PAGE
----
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Since the 1960s, the federal government has become increasingly involved in K-12 education, altering the federal-state-local division of labor. Yet, while we often debate the merits of particular federal initiatives or whether policies "work," we have spent far less time considering what a half century of federal involvement has taught us about which goals and policies Uncle Sam can effectively pursue, and what we can learn from his missteps and successes. Over the past fifty years, what have we learned about the nature of a smart, sensible federal role in K-12 schooling?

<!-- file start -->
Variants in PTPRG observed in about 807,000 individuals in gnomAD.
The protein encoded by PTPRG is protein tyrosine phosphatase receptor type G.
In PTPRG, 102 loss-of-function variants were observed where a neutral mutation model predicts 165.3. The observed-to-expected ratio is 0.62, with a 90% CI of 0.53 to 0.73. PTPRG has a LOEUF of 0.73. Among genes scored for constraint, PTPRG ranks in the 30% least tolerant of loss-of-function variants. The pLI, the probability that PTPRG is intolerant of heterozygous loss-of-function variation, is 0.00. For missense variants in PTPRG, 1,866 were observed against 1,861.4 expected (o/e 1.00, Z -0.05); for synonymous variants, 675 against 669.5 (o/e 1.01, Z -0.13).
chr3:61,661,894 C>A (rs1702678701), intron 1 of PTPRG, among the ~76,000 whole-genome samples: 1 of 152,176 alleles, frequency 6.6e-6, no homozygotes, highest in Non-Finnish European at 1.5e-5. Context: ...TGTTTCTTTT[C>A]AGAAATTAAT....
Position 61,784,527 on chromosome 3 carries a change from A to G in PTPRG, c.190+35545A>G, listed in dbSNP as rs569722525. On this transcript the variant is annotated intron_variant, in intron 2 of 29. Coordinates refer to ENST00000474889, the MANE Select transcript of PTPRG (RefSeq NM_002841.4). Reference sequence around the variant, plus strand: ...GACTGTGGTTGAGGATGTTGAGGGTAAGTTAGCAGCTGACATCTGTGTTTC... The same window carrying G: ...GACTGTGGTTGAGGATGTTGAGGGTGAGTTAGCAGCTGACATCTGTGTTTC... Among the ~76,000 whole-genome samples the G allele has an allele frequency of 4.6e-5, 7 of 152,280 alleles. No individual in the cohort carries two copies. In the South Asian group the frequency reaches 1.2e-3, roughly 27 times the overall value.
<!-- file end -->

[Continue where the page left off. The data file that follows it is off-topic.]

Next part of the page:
AEI resident scholar and director of education policy studies Frederick M. Hess and AEI research fellow Andrew P. Kelly have commissioned a dozen papers to examine concrete lessons learned from looking back on the past fifty years of federal involvement in K-12 schooling. At this AEI conference, panelists will present their findings and explore implications for the federal role in K-12 school reform going forward.